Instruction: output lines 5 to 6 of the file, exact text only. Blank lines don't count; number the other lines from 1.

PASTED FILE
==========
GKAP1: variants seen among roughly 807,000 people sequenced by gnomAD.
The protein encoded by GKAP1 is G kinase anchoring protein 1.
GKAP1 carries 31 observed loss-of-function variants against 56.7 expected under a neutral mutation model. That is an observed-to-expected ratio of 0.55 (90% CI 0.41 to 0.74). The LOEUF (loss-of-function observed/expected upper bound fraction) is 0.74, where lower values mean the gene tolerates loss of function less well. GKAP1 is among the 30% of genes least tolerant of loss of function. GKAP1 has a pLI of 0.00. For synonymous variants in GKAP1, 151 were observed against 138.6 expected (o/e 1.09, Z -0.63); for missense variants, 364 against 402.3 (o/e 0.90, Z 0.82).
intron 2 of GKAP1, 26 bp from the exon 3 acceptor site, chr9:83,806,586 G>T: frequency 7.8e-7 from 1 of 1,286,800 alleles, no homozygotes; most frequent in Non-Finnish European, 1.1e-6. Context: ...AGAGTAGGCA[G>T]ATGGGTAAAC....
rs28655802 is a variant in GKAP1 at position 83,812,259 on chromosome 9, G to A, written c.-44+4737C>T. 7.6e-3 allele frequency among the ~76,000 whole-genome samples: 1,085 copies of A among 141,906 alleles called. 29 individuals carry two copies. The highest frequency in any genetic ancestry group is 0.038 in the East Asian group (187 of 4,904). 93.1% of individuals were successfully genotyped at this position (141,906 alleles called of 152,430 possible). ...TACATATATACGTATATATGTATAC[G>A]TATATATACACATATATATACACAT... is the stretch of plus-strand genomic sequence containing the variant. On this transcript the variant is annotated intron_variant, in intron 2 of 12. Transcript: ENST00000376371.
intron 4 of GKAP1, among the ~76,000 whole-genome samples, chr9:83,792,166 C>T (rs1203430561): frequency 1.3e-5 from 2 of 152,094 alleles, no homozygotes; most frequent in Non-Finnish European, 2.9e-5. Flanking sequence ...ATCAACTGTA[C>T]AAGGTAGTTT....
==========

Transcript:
rs28655802 is a variant in GKAP1 at position 83,812,259 on chromosome 9, G to A, written c.-44+4737C>T. 7.6e-3 allele frequency among the ~76,000 whole-genome samples: 1,085 copies of A among 141,906 alleles called. 29 individuals carry two copies. The highest frequency in any genetic ancestry group is 0.038 in the East Asian group (187 of 4,904). 93.1% of individuals were successfully genotyped at this position (141,906 alleles called of 152,430 possible). ...TACATATATACGTATATATGTATAC[G>A]TATATATACACATATATATACACAT... is the stretch of plus-strand genomic sequence containing the variant. On this transcript the variant is annotated intron_variant, in intron 2 of 12. Transcript: ENST00000376371.
intron 4 of GKAP1, among the ~76,000 whole-genome samples, chr9:83,792,166 C>T (rs1203430561): frequency 1.3e-5 from 2 of 152,094 alleles, no homozygotes; most frequent in Non-Finnish European, 2.9e-5. Flanking sequence ...ATCAACTGTA[C>T]AAGGTAGTTT....